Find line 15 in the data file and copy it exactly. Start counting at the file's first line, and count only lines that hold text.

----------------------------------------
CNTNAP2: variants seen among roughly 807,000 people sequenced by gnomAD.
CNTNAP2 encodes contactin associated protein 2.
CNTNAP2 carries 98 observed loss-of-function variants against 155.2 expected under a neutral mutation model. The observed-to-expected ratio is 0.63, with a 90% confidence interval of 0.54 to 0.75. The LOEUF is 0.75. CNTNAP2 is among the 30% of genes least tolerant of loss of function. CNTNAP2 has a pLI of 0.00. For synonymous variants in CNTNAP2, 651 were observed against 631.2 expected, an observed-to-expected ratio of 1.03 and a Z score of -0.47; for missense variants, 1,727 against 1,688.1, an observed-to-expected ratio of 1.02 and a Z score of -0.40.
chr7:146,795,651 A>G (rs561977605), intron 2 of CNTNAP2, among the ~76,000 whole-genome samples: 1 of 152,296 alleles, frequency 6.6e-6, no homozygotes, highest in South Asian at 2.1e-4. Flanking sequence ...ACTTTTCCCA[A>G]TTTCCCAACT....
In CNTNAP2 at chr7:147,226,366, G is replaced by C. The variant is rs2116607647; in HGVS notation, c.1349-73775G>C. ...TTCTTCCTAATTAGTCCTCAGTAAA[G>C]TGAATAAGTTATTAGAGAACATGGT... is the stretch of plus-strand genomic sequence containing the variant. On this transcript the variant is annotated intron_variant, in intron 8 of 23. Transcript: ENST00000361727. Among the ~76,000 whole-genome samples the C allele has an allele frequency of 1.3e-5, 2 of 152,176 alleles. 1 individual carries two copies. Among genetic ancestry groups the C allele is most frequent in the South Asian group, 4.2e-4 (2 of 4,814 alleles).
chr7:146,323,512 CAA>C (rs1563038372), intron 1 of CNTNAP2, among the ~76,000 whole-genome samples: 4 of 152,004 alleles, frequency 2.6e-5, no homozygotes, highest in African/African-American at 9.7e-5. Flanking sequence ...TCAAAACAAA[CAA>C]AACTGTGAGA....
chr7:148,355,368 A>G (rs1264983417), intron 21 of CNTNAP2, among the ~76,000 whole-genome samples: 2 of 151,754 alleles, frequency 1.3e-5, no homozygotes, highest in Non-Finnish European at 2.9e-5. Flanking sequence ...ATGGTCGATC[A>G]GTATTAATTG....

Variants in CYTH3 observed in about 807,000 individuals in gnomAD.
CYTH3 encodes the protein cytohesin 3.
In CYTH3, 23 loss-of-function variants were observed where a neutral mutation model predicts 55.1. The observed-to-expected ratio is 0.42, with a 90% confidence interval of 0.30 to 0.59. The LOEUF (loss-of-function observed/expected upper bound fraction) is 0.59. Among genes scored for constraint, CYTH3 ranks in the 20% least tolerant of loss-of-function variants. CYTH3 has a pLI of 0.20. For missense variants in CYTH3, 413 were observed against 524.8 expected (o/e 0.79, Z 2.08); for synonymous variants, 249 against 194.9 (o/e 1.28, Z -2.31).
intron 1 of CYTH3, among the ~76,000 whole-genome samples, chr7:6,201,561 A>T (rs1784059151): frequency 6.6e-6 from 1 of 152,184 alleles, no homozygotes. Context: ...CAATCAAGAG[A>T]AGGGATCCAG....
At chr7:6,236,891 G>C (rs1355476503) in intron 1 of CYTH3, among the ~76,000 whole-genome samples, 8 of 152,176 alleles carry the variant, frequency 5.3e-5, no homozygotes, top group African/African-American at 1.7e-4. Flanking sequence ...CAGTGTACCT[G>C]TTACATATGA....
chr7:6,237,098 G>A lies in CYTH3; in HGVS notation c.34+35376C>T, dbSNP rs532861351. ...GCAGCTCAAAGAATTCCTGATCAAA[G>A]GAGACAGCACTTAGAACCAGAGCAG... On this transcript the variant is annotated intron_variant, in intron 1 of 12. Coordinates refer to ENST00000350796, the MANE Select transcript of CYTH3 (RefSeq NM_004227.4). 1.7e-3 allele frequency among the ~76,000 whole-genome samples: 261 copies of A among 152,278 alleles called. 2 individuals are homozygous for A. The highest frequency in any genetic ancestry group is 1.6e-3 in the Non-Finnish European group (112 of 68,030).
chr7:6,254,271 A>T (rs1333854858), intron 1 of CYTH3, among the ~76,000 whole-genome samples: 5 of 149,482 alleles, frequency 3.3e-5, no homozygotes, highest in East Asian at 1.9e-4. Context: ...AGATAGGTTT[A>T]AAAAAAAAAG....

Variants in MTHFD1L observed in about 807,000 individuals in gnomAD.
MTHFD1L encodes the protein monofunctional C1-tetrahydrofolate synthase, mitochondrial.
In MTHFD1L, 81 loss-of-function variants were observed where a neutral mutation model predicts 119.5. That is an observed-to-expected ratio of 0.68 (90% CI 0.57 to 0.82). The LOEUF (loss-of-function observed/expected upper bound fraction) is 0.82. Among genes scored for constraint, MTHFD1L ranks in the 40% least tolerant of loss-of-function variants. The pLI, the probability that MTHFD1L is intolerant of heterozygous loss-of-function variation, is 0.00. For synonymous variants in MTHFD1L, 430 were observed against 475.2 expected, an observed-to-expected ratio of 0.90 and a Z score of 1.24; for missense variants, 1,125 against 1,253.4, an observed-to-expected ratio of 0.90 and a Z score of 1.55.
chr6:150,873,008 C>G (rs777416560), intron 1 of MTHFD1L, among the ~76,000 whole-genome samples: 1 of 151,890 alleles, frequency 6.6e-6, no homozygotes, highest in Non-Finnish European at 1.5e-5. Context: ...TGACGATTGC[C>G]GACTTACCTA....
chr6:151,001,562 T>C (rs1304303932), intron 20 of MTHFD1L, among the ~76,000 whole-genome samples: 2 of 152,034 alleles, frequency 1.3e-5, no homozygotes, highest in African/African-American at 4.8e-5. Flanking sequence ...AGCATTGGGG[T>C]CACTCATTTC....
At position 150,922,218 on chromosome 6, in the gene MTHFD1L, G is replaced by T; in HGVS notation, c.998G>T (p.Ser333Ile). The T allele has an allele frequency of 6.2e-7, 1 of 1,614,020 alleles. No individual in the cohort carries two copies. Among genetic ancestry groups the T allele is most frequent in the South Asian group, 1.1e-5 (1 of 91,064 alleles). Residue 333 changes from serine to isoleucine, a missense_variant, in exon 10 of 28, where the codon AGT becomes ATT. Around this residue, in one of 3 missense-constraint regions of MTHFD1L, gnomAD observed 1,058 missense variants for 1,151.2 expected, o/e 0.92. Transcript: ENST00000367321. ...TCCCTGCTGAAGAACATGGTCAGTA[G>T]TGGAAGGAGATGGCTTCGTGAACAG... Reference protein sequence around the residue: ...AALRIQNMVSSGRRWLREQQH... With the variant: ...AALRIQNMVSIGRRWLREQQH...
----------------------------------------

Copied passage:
Variants in MTHFD1L observed in about 807,000 individuals in gnomAD.